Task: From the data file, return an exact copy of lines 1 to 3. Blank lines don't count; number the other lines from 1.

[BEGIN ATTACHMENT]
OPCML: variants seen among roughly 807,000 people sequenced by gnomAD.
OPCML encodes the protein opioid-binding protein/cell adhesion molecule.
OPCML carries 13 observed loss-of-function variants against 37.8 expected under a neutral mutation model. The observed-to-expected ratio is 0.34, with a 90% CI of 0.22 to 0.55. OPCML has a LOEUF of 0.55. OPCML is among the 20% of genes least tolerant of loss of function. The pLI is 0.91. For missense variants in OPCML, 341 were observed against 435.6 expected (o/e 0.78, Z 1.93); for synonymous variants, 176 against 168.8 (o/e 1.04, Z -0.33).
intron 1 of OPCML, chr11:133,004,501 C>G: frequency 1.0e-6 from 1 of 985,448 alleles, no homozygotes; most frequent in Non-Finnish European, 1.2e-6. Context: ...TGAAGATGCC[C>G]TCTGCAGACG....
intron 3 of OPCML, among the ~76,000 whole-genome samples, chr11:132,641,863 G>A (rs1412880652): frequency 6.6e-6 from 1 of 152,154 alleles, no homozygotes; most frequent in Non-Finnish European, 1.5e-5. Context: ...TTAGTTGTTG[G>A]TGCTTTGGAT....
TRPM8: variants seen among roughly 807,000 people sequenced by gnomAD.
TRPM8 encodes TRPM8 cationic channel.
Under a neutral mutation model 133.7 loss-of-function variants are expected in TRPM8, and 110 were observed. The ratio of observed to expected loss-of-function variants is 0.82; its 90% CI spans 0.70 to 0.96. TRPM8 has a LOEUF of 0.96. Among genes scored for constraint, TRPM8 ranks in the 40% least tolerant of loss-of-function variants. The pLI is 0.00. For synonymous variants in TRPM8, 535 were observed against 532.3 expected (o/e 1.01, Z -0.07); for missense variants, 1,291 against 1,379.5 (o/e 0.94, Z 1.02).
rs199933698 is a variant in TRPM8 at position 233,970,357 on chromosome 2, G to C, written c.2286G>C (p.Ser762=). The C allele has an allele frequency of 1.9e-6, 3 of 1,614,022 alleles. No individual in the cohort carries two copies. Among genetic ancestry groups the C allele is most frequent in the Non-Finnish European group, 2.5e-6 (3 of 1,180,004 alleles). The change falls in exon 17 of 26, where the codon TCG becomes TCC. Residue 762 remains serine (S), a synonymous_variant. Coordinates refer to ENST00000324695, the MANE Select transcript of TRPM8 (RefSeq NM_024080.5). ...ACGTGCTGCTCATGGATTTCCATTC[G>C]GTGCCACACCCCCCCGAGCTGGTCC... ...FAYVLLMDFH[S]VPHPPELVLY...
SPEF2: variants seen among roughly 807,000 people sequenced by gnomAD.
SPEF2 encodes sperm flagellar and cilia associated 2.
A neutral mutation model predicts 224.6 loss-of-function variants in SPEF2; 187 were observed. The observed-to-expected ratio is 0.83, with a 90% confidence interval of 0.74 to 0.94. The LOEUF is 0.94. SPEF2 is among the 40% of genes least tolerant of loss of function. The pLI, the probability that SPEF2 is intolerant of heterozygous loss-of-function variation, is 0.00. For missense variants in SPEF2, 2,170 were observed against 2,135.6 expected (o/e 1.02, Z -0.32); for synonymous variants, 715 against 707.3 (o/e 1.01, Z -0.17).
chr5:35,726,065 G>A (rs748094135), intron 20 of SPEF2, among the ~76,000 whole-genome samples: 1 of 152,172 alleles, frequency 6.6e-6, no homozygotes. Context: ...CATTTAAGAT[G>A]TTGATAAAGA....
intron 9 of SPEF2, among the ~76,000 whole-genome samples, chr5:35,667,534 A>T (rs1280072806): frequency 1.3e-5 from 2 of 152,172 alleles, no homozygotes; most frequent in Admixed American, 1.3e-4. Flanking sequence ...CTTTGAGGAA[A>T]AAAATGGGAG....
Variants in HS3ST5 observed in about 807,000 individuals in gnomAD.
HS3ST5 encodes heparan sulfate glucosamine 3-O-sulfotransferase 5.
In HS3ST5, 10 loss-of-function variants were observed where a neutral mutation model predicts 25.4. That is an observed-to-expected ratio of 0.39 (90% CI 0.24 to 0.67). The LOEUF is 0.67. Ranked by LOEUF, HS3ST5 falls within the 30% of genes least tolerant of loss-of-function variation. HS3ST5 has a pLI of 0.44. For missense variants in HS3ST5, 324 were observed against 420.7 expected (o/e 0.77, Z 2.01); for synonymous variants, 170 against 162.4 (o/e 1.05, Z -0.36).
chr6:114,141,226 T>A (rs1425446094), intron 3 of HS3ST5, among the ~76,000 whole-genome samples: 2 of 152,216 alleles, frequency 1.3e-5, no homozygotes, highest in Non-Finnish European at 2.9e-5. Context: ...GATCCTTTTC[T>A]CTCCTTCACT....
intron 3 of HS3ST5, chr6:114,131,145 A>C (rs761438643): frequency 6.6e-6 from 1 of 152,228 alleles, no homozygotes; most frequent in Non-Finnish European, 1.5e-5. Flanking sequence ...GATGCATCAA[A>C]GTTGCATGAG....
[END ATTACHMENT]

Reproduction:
OPCML: variants seen among roughly 807,000 people sequenced by gnomAD.
OPCML encodes the protein opioid-binding protein/cell adhesion molecule.
OPCML carries 13 observed loss-of-function variants against 37.8 expected under a neutral mutation model. The observed-to-expected ratio is 0.34, with a 90% CI of 0.22 to 0.55. OPCML has a LOEUF of 0.55. OPCML is among the 20% of genes least tolerant of loss of function. The pLI is 0.91. For missense variants in OPCML, 341 were observed against 435.6 expected (o/e 0.78, Z 1.93); for synonymous variants, 176 against 168.8 (o/e 1.04, Z -0.33).